THE INHABITANTS OF A VILLAGE IN MOROCCO CHALLENGE THE MINE OF IMIDER

By Soraya El Kahlaoui (collaborator of The Monde Afrique, Casablanca), February 2, 2015

“I have known the most of the people who have contributed to spreading our cause through Facebook.” The man has just come down from Alebban Mount, where he lives at 1500 meters above sea level. For over three years, Brahim Udawd, 32 years old, lives in a permanent camp. With other villagers persists in depriving access to water to SMI mining company, with which they came in conflict on July 2011. Brahim Udawd, like the others, has left his Imider’s village and since then all his life is dedicated to activism. “A bit of fun and a lot of work”, he melts a smile describing his daily life.
The beginning of Imider people’s struggle against SMI broke out in July 2011. They were mainly the women of the village who have expressed their anger. They had no more water from the tap because of the excessive exploitation by the mine. In addition, the university students had not found a summer job, as usual, in the mine. Over time, the struggle has taken on a global dimension. “Today we are fighting for the life – insists Brahim – If our land is polluted, if our air is polluted, if we have no more water, if the mine robs us of all our resources, what will be left for the future generations?”.

Boycotting strategies and civil disobedience
For Brahim Udawd, the Movement on the Road ’96 upset his daily life. Today, his existence revolves around the struggle against the mining company. Boicotting strategies, civil disobedience, organization of village assemblies, these are the only words that he has by now in his mouth. For him it’s impossible to return to a normal life until the situation in Imider will not be resolved.
Not without pride, tells how the militants of Nantes’ “defensive zone” came to meet them to discuss struggles strategies. Amused, he accurately describes each of the techniques implemented by Zad to destabilize the police. “We must constantly renew the way we fight” he repeats incessantly. Moreover, in three and a half years, the movement has come a long way.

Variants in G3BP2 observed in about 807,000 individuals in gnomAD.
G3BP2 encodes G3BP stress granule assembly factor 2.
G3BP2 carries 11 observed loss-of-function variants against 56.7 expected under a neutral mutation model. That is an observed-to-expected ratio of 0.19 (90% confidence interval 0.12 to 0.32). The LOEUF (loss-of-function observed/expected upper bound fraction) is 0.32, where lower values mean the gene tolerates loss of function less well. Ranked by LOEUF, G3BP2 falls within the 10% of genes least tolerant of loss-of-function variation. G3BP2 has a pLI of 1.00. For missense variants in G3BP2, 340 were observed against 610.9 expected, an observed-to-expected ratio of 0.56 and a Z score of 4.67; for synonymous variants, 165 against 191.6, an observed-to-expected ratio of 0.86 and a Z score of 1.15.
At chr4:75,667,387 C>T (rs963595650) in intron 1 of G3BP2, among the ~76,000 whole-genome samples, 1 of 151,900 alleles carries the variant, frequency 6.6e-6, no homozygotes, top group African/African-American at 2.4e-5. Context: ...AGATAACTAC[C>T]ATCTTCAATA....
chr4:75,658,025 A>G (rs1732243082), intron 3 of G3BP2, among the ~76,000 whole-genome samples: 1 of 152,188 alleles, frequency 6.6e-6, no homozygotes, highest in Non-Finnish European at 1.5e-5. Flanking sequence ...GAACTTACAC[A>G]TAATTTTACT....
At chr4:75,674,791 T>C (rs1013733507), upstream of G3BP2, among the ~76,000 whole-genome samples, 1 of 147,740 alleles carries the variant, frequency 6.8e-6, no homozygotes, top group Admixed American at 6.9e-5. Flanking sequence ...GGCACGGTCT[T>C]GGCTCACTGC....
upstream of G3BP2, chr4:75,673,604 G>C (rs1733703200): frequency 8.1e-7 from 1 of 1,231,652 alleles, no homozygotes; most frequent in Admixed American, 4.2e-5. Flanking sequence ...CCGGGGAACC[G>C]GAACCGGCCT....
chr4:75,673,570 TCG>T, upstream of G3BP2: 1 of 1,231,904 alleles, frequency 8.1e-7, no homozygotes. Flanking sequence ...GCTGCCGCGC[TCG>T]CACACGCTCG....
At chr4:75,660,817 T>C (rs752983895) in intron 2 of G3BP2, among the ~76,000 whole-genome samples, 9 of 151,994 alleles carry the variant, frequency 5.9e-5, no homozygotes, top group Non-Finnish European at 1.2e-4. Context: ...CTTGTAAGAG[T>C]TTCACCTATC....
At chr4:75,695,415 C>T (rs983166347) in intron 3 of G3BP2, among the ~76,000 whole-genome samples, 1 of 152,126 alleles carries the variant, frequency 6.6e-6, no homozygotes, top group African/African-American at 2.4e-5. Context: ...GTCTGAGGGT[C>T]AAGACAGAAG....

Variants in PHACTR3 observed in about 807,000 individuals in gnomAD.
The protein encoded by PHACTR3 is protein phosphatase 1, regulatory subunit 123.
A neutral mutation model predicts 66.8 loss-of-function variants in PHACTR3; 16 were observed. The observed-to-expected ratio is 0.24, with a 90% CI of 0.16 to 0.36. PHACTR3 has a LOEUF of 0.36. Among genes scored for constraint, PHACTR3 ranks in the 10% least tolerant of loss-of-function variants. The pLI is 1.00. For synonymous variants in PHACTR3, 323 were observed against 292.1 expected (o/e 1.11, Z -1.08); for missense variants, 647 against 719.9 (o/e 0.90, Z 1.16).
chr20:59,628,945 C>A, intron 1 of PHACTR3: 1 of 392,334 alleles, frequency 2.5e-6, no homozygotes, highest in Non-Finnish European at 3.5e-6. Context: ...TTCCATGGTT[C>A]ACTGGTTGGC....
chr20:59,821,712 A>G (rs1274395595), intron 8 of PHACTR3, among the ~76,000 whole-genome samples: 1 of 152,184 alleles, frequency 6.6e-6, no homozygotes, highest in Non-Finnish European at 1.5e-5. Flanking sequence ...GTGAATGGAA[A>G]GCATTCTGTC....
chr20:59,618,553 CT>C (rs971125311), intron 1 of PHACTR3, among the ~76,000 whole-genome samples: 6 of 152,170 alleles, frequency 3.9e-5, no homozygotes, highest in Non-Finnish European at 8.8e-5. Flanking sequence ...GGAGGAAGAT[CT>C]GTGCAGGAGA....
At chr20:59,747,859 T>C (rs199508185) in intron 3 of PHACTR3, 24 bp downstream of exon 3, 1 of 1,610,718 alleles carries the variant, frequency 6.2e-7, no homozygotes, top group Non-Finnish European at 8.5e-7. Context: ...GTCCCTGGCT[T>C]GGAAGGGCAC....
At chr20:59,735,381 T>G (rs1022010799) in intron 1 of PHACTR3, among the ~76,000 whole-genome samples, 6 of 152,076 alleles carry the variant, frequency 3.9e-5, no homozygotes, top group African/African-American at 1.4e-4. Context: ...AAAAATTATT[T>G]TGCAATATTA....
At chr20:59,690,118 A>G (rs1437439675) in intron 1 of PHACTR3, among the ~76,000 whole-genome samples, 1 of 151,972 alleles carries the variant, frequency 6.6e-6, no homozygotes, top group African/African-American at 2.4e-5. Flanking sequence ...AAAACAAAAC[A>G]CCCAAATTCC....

Today, the camp on top of Alebban Mount is solidly built. Each villager holds the sit-in in front of his small house, composed of a square room where you can often see drawings and quotes by Bertold Brecht. Also the women have their homes and they participate to keep the new village of the disobedients. In the future, even the hope to be able to install panels for solar energy.

Contribute to local development
Brahim Udawd insists on the a-political nature and the independence of the Movement. “Our only concern is to solve the Imider social problems” he says, and that’s why they made a “diagnosis” of the seven villages of the Imider Municipality. “We identify the problems and we propose the alternatives, he says. For example, we suggested to group together the educational facilities and to establish a system of transport between the villages to remedy the lack of infrastructure. The old schools can also be turned into asylums”.
For him, the mining company has the duty to contribute to the development of the local rural community, as compensation for its management. “One day the mine will go away, of the rest have already invested in many other countries in Africa, and nothing will remain to us. The SMI has to support the local development and ensure activities that may constitute an income” he says firmly. One thing is clear to these angry people: Imider has no reason to be the poorest Municipality in the region, while it is the richest in resources.

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